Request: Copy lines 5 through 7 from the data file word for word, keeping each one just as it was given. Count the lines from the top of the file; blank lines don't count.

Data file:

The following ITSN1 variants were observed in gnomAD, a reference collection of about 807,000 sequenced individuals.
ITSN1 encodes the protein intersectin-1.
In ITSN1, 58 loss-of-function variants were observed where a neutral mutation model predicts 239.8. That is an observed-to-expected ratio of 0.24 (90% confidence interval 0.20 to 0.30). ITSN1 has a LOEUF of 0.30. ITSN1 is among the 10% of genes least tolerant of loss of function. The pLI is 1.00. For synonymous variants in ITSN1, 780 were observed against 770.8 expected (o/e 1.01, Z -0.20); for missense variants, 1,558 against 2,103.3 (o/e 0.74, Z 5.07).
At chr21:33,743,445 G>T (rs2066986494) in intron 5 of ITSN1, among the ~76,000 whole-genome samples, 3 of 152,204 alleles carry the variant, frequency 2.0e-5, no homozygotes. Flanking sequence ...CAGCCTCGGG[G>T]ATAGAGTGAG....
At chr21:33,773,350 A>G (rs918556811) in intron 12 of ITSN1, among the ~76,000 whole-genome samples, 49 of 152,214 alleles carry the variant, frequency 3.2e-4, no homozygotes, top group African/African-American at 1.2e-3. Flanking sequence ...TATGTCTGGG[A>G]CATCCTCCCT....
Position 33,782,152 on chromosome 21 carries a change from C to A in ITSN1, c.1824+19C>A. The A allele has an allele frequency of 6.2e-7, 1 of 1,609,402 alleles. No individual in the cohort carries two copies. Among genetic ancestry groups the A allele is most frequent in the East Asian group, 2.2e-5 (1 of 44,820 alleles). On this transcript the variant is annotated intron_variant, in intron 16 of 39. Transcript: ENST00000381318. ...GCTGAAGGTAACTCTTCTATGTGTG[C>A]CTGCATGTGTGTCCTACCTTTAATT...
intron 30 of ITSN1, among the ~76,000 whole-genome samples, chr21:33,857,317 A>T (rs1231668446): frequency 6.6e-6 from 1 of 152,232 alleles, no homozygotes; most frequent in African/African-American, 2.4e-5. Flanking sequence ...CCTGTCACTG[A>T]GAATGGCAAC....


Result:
At chr21:33,773,350 A>G (rs918556811) in intron 12 of ITSN1, among the ~76,000 whole-genome samples, 49 of 152,214 alleles carry the variant, frequency 3.2e-4, no homozygotes, top group African/African-American at 1.2e-3. Flanking sequence ...TATGTCTGGG[A>G]CATCCTCCCT....
Position 33,782,152 on chromosome 21 carries a change from C to A in ITSN1, c.1824+19C>A. The A allele has an allele frequency of 6.2e-7, 1 of 1,609,402 alleles. No individual in the cohort carries two copies. Among genetic ancestry groups the A allele is most frequent in the East Asian group, 2.2e-5 (1 of 44,820 alleles). On this transcript the variant is annotated intron_variant, in intron 16 of 39. Transcript: ENST00000381318. ...GCTGAAGGTAACTCTTCTATGTGTG[C>A]CTGCATGTGTGTCCTACCTTTAATT...
intron 30 of ITSN1, among the ~76,000 whole-genome samples, chr21:33,857,317 A>T (rs1231668446): frequency 6.6e-6 from 1 of 152,232 alleles, no homozygotes; most frequent in African/African-American, 2.4e-5. Flanking sequence ...CCTGTCACTG[A>T]GAATGGCAAC....